A man originally accused of conspiring to kill Miami Subs founder Konstantinos "Gus" Boulis 12 years ago took the stand Tuesday, saying it was he who disposed of the murder weapon and naming for the first time the alleged driver of the stopped car that kept Boulis still long enough for the shooter to do his work.
James "Pudgy" Fiorillo testified for more than six hours Tuesday, keeping up his end of a plea agreement that required him to provide evidence against former co-defendants Anthony "Big Tony" Moscatiello and Anthony "Little Tony" Ferrari. Moscatiello and Ferrari are accused of arranging Boulis' murder in the midst of a power struggle over the SunCruz Casino boat fleet in early 2001.
Fiorillo was once believed to be the gunman, but prosecutors later accused him only of spying on Boulis and reporting his movements to Ferrari the night of the murder.
According to earlier witnesses, Boulis, 51, had a business meeting at his Fort Lauderdale office until just after 9 p.m. on Feb. 6, 2001. As he drove away from that meeting, Boulis was blocked on South Miami Road by the car in front of him, which stopped for no apparent reason. A black Mustang traveling in the opposite direction pulled up alongside Boulis, and the driver fired four shots, one of which was fatal.
Fiorillo's testimony filled in some of the details for the jury. He admitted that the Mustang was the car he frequently drove at the time, though it was owned by Ferrari. He said he watched Boulis leave his office and used his cellphone's "walkie-talkie" setting to notify Ferrari, who was nearby. As he drove away from the scene, Fiorillo said he saw three cars – the first was driven by Ferrari's girlfriend, a hairdresser Fiorillo identified as Pina Diminno. Behind her, he said, was Boulis. And behind Boulis was Ferrari, driving a red Volkswagen Jetta, Fiorillo said.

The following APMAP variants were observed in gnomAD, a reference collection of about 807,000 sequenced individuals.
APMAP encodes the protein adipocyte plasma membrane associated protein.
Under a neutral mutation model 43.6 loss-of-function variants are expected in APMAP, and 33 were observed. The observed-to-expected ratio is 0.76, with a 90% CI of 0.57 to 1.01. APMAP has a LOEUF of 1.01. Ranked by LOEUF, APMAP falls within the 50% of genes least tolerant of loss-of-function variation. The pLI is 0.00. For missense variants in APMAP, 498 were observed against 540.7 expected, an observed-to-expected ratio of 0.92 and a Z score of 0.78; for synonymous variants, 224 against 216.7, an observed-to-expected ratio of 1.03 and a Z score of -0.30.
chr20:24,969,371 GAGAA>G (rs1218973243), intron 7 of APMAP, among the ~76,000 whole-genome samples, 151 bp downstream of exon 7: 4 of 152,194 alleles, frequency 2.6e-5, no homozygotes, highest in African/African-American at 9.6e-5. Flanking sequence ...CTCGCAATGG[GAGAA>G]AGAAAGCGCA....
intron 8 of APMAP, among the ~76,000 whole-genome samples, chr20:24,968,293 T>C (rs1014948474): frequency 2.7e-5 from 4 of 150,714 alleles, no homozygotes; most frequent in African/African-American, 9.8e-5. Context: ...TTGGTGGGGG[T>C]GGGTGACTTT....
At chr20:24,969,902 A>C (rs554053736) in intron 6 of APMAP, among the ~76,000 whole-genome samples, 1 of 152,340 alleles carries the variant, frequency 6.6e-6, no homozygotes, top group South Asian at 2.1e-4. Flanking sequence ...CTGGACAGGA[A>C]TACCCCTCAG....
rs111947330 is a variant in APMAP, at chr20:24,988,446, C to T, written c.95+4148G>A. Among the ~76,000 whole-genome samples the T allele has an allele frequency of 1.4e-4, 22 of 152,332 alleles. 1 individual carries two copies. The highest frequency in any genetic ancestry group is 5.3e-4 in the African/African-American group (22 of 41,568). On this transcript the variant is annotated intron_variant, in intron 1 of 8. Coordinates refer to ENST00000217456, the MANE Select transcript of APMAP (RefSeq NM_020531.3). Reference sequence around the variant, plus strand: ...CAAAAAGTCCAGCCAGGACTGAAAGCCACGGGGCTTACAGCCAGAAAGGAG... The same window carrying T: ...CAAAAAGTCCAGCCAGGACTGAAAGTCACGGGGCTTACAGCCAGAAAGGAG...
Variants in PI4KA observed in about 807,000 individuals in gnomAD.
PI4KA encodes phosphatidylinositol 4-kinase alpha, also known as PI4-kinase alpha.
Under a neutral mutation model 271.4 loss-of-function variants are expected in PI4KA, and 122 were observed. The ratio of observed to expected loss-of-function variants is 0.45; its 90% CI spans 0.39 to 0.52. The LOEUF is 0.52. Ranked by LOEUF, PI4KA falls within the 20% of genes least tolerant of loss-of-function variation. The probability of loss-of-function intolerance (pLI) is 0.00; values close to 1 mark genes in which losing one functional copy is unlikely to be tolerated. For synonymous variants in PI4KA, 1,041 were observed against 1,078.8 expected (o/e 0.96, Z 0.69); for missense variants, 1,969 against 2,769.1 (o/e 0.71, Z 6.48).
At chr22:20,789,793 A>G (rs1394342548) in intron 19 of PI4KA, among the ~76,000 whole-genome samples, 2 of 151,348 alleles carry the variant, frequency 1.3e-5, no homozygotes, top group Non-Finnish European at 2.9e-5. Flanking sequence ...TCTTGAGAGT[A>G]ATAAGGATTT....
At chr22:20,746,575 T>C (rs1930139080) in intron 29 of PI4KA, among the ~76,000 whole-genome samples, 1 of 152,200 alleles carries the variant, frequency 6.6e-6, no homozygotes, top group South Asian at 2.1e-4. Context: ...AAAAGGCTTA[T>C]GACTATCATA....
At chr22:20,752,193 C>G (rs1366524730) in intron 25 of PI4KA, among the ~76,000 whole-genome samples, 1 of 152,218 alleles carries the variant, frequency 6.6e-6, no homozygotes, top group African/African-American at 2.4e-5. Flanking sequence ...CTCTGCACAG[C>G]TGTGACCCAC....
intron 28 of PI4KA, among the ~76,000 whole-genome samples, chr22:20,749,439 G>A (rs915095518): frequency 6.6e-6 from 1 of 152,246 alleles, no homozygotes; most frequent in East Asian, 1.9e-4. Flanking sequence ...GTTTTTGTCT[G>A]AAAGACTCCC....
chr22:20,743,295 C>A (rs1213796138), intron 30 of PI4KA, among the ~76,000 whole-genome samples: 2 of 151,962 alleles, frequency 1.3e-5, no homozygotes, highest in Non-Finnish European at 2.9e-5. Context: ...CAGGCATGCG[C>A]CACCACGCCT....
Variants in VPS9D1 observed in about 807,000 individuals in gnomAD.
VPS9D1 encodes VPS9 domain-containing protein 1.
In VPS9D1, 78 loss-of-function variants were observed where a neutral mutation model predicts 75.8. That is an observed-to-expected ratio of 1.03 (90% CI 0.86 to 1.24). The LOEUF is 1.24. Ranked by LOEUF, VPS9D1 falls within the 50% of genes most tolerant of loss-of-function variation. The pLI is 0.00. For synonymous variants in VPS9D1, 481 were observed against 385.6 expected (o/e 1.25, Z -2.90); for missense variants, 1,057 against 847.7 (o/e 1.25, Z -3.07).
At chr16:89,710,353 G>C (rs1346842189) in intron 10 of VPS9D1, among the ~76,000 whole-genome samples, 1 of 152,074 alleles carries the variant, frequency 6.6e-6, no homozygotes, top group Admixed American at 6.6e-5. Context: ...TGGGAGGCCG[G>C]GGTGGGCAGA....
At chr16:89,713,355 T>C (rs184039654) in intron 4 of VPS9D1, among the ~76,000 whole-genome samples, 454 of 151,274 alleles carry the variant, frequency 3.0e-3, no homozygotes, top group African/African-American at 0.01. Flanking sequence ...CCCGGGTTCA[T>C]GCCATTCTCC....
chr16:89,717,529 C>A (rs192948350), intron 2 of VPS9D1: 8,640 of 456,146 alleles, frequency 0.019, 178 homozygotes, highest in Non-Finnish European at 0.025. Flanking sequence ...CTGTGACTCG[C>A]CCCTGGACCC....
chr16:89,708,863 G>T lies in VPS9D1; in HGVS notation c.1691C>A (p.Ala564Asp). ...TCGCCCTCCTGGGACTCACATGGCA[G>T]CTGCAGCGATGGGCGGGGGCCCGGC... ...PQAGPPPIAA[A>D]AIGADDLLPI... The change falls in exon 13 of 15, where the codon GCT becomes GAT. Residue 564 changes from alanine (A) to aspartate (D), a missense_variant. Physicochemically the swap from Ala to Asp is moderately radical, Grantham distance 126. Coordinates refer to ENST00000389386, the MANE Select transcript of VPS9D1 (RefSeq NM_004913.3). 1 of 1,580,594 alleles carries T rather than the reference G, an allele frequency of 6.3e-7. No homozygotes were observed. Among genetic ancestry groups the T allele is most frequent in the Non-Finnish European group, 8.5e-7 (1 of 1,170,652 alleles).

The Jetta was nowhere to be seen just moments later, when the actual shooting took place. Robert Puskarich, who testified last week, said he was behind Boulis' car when the shots rang out. He remembered seeing a red Jetta nearby as he drove away from the scene.
The day after the shooting, Fiorillo said Ferrari asked him to get rid of the gun. Fiorillo said he threw it off a bridge in Miami.
After he pleaded guilty in 2012 to conspiracy to commit murder, Fiorillo said, he tried to get Ferrari's former girlfriend, Diminno, to admit in a recorded phone conversation that she participated in the crime. But Diminno admitted nothing.
Broward Circuit Judge Ilona Holmes said Diminno, who has not been charged, lives in Canada and refuses to talk about the case with investigators. Canadian officials have not helped Florida prosecutors because of Canada's aversion to capital punishment, Holmes said.
Moscatiello and Ferrari face the death penalty if convicted.
Eight days into the trial, Fiorillo was the first witness to place Ferrari at the scene of the crime. Moscatiello, according to prosecutors, was the one who decided Boulis needed to die, but was not in South Florida on Feb. 6, 2001.
Moscatiello had been hired months earlier by businessman Adam Kidan, who with Washington D.C. lobbyist Jack Abramoff bought SunCruz from Boulis in a fraudulent $145 million deal. Boulis, who retained minority ownership in the company, had been hounding Kidan for payments, and the relationship between the two men allegedly degenerated into physical violence.
In pre-trial hearings, Kidan has testified that he hired Moscatiello for protection, believing Moscatiello to be connected to the Gambino crime family in New York. But Moscatiello, according to prosecutors, saw Kidan and SunCruz as a continuous income stream, and Boulis was a threat to that income.
Prosecutors do not believe Kidan or Abramoff played any role in the murder of Boulis. Kidan is expected to testify later this week.
Defense lawyer David Bogenschutz, who represents Moscatiello, began his cross-examination of Fiorillo late Tuesday afternoon, getting the witness to say he entered a guilty plea even though he never discussed murdering Boulis with either Ferrari or Moscatiello.
Fiorillo admitted taking the plea deal to get out of jail.
Cross-examination is scheduled to continue Wednesday.
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